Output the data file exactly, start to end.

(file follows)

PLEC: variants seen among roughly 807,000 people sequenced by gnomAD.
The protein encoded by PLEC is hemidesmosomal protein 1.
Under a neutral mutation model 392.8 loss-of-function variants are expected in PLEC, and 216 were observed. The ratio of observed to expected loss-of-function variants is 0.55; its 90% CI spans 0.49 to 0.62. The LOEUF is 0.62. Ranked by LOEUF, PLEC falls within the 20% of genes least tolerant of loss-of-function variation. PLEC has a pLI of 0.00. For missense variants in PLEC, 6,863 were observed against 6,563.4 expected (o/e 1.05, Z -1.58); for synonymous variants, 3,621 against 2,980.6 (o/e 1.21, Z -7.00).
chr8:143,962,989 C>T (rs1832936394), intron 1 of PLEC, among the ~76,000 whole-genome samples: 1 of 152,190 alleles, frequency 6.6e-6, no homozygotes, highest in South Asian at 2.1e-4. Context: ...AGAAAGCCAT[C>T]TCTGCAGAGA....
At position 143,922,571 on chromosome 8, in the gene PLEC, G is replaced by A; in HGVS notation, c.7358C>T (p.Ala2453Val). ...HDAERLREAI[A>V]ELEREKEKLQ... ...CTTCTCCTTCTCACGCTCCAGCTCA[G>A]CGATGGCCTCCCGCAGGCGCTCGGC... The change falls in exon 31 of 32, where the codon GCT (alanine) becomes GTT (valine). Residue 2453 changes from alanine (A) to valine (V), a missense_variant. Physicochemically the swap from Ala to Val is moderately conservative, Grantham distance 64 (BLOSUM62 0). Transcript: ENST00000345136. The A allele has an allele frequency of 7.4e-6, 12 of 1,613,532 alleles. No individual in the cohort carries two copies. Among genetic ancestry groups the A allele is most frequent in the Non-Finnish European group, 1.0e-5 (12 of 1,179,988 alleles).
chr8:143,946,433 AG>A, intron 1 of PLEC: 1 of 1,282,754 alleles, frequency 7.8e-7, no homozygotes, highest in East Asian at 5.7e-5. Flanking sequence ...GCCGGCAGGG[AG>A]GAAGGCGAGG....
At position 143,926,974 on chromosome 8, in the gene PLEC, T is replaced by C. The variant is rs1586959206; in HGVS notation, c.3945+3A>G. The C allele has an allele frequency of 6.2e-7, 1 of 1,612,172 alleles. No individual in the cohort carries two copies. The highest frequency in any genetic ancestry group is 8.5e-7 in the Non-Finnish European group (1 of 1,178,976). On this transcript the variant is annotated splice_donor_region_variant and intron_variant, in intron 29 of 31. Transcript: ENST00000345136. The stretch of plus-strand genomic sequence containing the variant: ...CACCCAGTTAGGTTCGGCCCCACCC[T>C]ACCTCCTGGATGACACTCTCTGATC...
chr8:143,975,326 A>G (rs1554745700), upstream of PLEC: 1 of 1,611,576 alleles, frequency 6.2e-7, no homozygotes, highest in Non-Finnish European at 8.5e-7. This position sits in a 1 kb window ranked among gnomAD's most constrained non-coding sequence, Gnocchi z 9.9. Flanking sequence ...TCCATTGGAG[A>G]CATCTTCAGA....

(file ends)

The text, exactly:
PLEC: variants seen among roughly 807,000 people sequenced by gnomAD.
The protein encoded by PLEC is hemidesmosomal protein 1.
Under a neutral mutation model 392.8 loss-of-function variants are expected in PLEC, and 216 were observed. The ratio of observed to expected loss-of-function variants is 0.55; its 90% CI spans 0.49 to 0.62. The LOEUF is 0.62. Ranked by LOEUF, PLEC falls within the 20% of genes least tolerant of loss-of-function variation. PLEC has a pLI of 0.00. For missense variants in PLEC, 6,863 were observed against 6,563.4 expected (o/e 1.05, Z -1.58); for synonymous variants, 3,621 against 2,980.6 (o/e 1.21, Z -7.00).
chr8:143,962,989 C>T (rs1832936394), intron 1 of PLEC, among the ~76,000 whole-genome samples: 1 of 152,190 alleles, frequency 6.6e-6, no homozygotes, highest in South Asian at 2.1e-4. Context: ...AGAAAGCCAT[C>T]TCTGCAGAGA....
At position 143,922,571 on chromosome 8, in the gene PLEC, G is replaced by A; in HGVS notation, c.7358C>T (p.Ala2453Val). ...HDAERLREAI[A>V]ELEREKEKLQ... ...CTTCTCCTTCTCACGCTCCAGCTCA[G>A]CGATGGCCTCCCGCAGGCGCTCGGC... The change falls in exon 31 of 32, where the codon GCT (alanine) becomes GTT (valine). Residue 2453 changes from alanine (A) to valine (V), a missense_variant. Physicochemically the swap from Ala to Val is moderately conservative, Grantham distance 64 (BLOSUM62 0). Transcript: ENST00000345136. The A allele has an allele frequency of 7.4e-6, 12 of 1,613,532 alleles. No individual in the cohort carries two copies. Among genetic ancestry groups the A allele is most frequent in the Non-Finnish European group, 1.0e-5 (12 of 1,179,988 alleles).
chr8:143,946,433 AG>A, intron 1 of PLEC: 1 of 1,282,754 alleles, frequency 7.8e-7, no homozygotes, highest in East Asian at 5.7e-5. Flanking sequence ...GCCGGCAGGG[AG>A]GAAGGCGAGG....
At position 143,926,974 on chromosome 8, in the gene PLEC, T is replaced by C. The variant is rs1586959206; in HGVS notation, c.3945+3A>G. The C allele has an allele frequency of 6.2e-7, 1 of 1,612,172 alleles. No individual in the cohort carries two copies. The highest frequency in any genetic ancestry group is 8.5e-7 in the Non-Finnish European group (1 of 1,178,976). On this transcript the variant is annotated splice_donor_region_variant and intron_variant, in intron 29 of 31. Transcript: ENST00000345136. The stretch of plus-strand genomic sequence containing the variant: ...CACCCAGTTAGGTTCGGCCCCACCC[T>C]ACCTCCTGGATGACACTCTCTGATC...
chr8:143,975,326 A>G (rs1554745700), upstream of PLEC: 1 of 1,611,576 alleles, frequency 6.2e-7, no homozygotes, highest in Non-Finnish European at 8.5e-7. This position sits in a 1 kb window ranked among gnomAD's most constrained non-coding sequence, Gnocchi z 9.9. Flanking sequence ...TCCATTGGAG[A>G]CATCTTCAGA....